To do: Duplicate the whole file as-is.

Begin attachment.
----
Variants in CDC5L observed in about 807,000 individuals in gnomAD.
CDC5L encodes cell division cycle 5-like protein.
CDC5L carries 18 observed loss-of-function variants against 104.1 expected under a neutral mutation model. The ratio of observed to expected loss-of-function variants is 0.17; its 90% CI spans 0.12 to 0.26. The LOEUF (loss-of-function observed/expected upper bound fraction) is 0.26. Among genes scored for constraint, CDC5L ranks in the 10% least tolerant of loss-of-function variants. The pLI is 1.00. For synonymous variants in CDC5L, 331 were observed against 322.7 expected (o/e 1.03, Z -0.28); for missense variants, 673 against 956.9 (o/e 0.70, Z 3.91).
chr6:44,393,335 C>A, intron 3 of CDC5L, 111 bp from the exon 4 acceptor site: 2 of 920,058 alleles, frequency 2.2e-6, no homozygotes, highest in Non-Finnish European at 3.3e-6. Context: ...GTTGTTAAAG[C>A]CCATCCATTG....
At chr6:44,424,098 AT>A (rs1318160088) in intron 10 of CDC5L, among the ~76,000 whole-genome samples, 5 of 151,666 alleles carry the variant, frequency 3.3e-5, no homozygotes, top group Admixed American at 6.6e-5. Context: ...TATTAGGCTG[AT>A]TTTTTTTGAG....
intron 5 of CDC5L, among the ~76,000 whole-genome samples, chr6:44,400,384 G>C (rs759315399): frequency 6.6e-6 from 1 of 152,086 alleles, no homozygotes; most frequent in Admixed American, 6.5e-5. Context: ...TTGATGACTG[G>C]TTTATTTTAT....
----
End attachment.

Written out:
Variants in CDC5L observed in about 807,000 individuals in gnomAD.
CDC5L encodes cell division cycle 5-like protein.
CDC5L carries 18 observed loss-of-function variants against 104.1 expected under a neutral mutation model. The ratio of observed to expected loss-of-function variants is 0.17; its 90% CI spans 0.12 to 0.26. The LOEUF (loss-of-function observed/expected upper bound fraction) is 0.26. Among genes scored for constraint, CDC5L ranks in the 10% least tolerant of loss-of-function variants. The pLI is 1.00. For synonymous variants in CDC5L, 331 were observed against 322.7 expected (o/e 1.03, Z -0.28); for missense variants, 673 against 956.9 (o/e 0.70, Z 3.91).
chr6:44,393,335 C>A, intron 3 of CDC5L, 111 bp from the exon 4 acceptor site: 2 of 920,058 alleles, frequency 2.2e-6, no homozygotes, highest in Non-Finnish European at 3.3e-6. Context: ...GTTGTTAAAG[C>A]CCATCCATTG....
At chr6:44,424,098 AT>A (rs1318160088) in intron 10 of CDC5L, among the ~76,000 whole-genome samples, 5 of 151,666 alleles carry the variant, frequency 3.3e-5, no homozygotes, top group Admixed American at 6.6e-5. Context: ...TATTAGGCTG[AT>A]TTTTTTTGAG....
intron 5 of CDC5L, among the ~76,000 whole-genome samples, chr6:44,400,384 G>C (rs759315399): frequency 6.6e-6 from 1 of 152,086 alleles, no homozygotes; most frequent in Admixed American, 6.5e-5. Context: ...TTGATGACTG[G>C]TTTATTTTAT....